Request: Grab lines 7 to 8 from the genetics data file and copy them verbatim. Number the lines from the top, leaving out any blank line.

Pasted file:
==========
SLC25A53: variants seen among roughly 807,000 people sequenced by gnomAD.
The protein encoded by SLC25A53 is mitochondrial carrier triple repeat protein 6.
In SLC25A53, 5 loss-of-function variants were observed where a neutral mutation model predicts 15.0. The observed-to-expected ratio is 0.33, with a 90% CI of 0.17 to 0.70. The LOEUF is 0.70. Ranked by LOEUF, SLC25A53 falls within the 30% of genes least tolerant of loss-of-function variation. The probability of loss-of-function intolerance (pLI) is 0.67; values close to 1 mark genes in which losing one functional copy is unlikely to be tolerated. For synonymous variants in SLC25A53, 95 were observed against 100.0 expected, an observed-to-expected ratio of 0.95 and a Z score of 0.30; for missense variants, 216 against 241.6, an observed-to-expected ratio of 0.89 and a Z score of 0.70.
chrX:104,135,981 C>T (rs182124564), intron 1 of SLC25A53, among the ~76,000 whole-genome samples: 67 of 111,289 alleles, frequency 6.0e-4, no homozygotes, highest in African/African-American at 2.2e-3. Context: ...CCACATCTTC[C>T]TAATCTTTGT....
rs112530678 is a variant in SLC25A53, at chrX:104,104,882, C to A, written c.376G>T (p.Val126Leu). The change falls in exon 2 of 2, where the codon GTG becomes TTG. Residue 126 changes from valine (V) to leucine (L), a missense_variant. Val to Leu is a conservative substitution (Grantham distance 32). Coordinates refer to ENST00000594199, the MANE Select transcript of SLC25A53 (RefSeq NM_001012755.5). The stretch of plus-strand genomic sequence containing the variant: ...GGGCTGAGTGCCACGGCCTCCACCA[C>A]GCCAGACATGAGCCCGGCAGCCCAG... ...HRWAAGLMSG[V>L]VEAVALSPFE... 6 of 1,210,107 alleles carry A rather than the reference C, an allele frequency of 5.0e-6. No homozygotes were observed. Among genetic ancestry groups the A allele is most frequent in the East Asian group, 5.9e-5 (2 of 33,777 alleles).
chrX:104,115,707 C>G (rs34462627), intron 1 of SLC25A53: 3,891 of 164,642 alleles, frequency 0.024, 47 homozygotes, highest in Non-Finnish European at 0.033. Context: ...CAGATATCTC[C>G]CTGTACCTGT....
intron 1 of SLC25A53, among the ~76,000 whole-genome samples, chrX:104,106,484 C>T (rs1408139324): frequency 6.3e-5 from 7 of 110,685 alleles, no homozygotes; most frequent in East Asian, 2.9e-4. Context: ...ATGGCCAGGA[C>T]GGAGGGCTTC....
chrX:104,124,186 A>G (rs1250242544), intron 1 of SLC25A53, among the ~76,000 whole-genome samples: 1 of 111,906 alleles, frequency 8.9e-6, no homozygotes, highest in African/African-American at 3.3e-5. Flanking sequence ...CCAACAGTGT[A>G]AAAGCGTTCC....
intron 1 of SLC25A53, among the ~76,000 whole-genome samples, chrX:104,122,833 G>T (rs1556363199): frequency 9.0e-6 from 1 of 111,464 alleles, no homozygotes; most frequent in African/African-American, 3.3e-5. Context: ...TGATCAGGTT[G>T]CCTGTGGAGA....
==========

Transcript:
intron 1 of SLC25A53, among the ~76,000 whole-genome samples, chrX:104,106,484 C>T (rs1408139324): frequency 6.3e-5 from 7 of 110,685 alleles, no homozygotes; most frequent in East Asian, 2.9e-4. Context: ...ATGGCCAGGA[C>T]GGAGGGCTTC....
chrX:104,124,186 A>G (rs1250242544), intron 1 of SLC25A53, among the ~76,000 whole-genome samples: 1 of 111,906 alleles, frequency 8.9e-6, no homozygotes, highest in African/African-American at 3.3e-5. Flanking sequence ...CCAACAGTGT[A>G]AAAGCGTTCC....